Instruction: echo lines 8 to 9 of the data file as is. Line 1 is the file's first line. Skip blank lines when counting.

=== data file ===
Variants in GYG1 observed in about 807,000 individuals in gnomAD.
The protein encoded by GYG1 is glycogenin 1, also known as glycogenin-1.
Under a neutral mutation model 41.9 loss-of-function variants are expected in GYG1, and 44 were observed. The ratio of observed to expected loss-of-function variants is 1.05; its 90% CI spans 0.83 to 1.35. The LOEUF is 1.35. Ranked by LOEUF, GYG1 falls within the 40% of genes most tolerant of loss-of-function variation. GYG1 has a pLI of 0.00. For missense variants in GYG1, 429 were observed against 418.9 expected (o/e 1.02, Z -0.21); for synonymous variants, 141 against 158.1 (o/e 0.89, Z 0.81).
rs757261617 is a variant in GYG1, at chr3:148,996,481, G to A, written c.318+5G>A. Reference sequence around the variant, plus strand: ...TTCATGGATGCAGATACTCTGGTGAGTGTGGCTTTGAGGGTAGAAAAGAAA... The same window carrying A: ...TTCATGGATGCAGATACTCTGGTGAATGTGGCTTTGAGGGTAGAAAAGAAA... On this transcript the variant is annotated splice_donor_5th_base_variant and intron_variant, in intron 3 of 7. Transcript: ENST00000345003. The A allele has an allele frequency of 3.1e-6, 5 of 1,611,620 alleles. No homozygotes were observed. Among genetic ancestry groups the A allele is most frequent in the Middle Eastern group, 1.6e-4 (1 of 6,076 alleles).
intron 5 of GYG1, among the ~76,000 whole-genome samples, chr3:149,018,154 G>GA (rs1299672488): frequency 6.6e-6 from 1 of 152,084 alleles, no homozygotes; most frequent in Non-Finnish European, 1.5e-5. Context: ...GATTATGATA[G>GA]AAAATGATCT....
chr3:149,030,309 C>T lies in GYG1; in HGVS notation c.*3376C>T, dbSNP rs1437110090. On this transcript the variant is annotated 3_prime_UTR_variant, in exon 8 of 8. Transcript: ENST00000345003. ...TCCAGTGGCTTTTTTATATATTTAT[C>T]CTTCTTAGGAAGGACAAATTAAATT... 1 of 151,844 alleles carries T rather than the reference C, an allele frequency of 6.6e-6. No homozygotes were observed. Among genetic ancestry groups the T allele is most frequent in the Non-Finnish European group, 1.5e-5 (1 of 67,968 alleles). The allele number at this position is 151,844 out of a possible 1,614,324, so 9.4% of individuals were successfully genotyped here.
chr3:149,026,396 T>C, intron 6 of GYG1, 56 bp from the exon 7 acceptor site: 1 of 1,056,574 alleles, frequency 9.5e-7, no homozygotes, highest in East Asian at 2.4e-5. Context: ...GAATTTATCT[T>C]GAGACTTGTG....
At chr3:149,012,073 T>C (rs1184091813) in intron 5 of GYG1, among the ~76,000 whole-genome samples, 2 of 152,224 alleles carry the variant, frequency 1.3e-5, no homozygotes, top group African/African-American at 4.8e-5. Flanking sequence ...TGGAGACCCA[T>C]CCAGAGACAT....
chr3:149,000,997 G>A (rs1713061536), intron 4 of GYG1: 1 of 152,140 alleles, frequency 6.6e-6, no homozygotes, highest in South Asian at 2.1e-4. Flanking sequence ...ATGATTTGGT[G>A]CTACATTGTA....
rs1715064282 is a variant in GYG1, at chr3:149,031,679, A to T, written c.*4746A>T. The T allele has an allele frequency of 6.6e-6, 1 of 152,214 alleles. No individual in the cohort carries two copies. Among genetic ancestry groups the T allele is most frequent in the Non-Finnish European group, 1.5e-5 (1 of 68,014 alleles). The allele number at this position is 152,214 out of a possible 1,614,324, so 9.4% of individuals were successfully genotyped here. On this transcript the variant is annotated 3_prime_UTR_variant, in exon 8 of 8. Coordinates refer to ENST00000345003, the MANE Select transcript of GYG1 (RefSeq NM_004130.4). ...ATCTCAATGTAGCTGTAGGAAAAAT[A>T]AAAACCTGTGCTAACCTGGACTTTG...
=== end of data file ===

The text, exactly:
At chr3:149,012,073 T>C (rs1184091813) in intron 5 of GYG1, among the ~76,000 whole-genome samples, 2 of 152,224 alleles carry the variant, frequency 1.3e-5, no homozygotes, top group African/African-American at 4.8e-5. Flanking sequence ...TGGAGACCCA[T>C]CCAGAGACAT....
chr3:149,000,997 G>A (rs1713061536), intron 4 of GYG1: 1 of 152,140 alleles, frequency 6.6e-6, no homozygotes, highest in South Asian at 2.1e-4. Flanking sequence ...ATGATTTGGT[G>A]CTACATTGTA....